Catherine Called Birdy Review – The Delightful Medieval Antics of Lena Dunham | Toronto Film Festival 2022

VSatherine Called Birdy, Lena Dunham’s highly enjoyable adaptation of Karen Cushman’s millennial classic, opens in the mud. Fourteen-year-old Catherine, brilliantly played by Game of Thrones’ Bella Ramsey, rolls around in the dirt with her village friends, relishing in the filth that coats her clothes, her cherubic face, her curtain of black hair. The year is 1290, in the English county of Lincoln, and Catherine is about to step into the muck that is adolescence – an indignity and frolic that Dunham, who captured both in the HBO series unjustly rejected Girls, turns into a delicious treat.

It’s a welcome return for Dunham, whose previous feature as writer-director this year, Sharp Stick, his first since 2011’s Tiny Furniture, was an odd disappointment. While Sharp Stick’s coming-of-age plot, a mid-20s sexual awakening, was hampered by a bizarrely infantilized protagonist, Dunham finds a sweet spot here through Cushman’s fearless medieval heroine. Feudal England isn’t a great place to be a young girl, even if you’re the village lord’s only daughter, but Catherine de Ramsey has a nose for fun – which, in those days, can also serve as survival. She stuffs rags stained with her menstrual blood under the floor of the outbuildings, lest her father, the indefatigable spendthrift Lord Rollo (a delicious Andrew Scott) learn that she is marriageable, and thus a solution for his debts. When the suitors arrive, she thinks up new ways to repel them: a wild costume, the release of her pet birds, a “balm” of foraged shit.

She records it all with smug glee and endearing naivete (knowing where children are from and what’s virgin is a bit common) in her diary, composed for her brother Edward (Archie Renaux), a monk at a local abbey. Said diary, the narration of Cushman’s 1994 novel, becomes one of the most successful voiceovers I’ve seen, a spirited year in what could be described, favorably, as an eighth year of the thirteenth century. Catherine endures the hardships of medieval childhood – namely the prospect of forced marriage as soon as she can have children – but also the drudgeries of adolescence since time immemorial: counting with her periods, hopeless crushes, psychotropic jealousy, breakups of friends and makeup, recorder lessons.

Catherine hates her father, her soft brother Robert (Dean-Charles Chapman, another Thrones veteran and regularly funny here), but she especially hates marriage, which she rightly considers a trap, especially after her engagement with a lustful and repulsive old man. lord she calls Shaggy Beard (Paul Kaye). “Men are horribly deceitful creatures,” she tells her best friend Aelis (Isis Hainsworth), while fainting in front of her handsome Uncle George (Joe Alwyn), a survivor of the crusade with, she notes. , remarkably good teeth.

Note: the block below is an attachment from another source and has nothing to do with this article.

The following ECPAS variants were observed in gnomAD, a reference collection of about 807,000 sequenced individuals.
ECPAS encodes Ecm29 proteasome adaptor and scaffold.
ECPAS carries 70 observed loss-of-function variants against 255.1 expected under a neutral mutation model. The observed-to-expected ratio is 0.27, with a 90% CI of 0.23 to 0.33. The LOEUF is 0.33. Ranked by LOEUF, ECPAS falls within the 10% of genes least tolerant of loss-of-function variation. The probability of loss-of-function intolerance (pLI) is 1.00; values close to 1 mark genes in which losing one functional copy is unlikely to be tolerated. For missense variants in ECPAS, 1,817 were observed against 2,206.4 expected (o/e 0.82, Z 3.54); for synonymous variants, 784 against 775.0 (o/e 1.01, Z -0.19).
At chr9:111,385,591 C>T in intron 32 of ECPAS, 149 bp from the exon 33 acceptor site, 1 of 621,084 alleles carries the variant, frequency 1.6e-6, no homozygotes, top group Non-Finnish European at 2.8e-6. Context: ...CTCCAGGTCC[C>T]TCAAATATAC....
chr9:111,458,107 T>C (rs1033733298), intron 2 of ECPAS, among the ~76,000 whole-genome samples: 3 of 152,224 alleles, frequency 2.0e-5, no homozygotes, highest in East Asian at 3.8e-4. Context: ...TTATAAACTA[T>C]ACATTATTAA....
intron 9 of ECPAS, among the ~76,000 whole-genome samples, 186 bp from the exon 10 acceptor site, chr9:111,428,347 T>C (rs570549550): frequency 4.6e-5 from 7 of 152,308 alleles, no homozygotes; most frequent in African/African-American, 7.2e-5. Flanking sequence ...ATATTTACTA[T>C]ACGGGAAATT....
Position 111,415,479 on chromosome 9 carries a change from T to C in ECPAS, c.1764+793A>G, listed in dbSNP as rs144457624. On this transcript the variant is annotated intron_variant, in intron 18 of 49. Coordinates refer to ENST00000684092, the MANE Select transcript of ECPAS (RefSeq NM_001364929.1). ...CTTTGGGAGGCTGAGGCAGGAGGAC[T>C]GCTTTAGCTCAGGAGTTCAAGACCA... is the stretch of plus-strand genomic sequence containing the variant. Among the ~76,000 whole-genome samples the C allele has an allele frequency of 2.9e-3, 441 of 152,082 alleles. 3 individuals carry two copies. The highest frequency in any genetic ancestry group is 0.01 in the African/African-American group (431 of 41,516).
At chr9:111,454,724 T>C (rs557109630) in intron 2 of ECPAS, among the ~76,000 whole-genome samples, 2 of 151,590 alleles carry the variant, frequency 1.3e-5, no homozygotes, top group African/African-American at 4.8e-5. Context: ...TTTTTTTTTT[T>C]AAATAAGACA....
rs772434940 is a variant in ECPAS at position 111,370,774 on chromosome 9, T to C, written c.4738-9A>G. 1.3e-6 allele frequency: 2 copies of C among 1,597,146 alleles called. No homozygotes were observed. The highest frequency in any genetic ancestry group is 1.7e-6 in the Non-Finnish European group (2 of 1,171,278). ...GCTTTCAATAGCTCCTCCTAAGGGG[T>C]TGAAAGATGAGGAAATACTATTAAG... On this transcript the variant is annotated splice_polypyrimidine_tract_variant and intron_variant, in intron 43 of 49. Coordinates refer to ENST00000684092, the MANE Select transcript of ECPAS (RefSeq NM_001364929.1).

Yet Dunham keeps what could be a depressing journey into the hardships imposed on women (see: Thrones, or the Historical Accuracy Excuse of the Horrific Childbirth Death Scene in The House of the Dragon) cheerful and light; the specter of what Catherine’s future would be with Shaggy Beard is enough to raise the stakes for her beating against her father’s machinations. It’s also a joke; several scenes of Catherine bristling at the intentions of grown men had me laughing out loud. The film strikes the right balance between an anachronistic story – pop music drops in emotional moments, cheeky mention of consent, lived-in dialogue with nods to the troubled past (“It’s just been a fortnight since I haven’t washed you for the last time”, Catherine’s beloved nanny Morwenna (Lesley Sharp, a light) laments as the girl returns from the mud; Catherine becomes poetic about being allowed to attend to a hanging.)

The actors, all lovely, are reminiscent of similar period or tone films whose comparisons cast Catherine Called Birdy in a warmer light. It’s refreshing to see Ramsey, who played Lyanna Mormont in Game of Thrones, portray another medieval heroine without as much gore and sadness; with black, dagger-like eyes and a fierce face, it’s impossible not to root. As he did in The Favourite, Alwyn plays a comely, if generally unhappy, supporting character in what borders on light historical farce. Scott imbues debaucherous Lord Rollo with some of the live-action unpredictability that endeared him as Fleabag’s Hot Priest, sans the series’ fourth wall-breaker that crushed the terrible Persuasion adaptation of Netflix, clearly inspired by Fleabag.

Although the mid-section drags a little – it’s not a movie that needs to be nearly two hours long, especially with a first half that skimmed through period rags and pranks on contenders for such a quick and enjoyable clip – Dunham sticks the landing in a smart departure from the book, one that involves more choice than circumstance, not just for Catherine but for those who love her. The world is not kind to women – a point put a little too much on the nose by a gratuitous “women are people too!” Catherine’s speech – but the film, thankfully, is kind to its audience and its protagonist. In Dunham’s hands, the guideline of enduring and discovering one’s worth, whatever one’s historical imagination, is both a comfort and a lark.

Gerald R. Schneider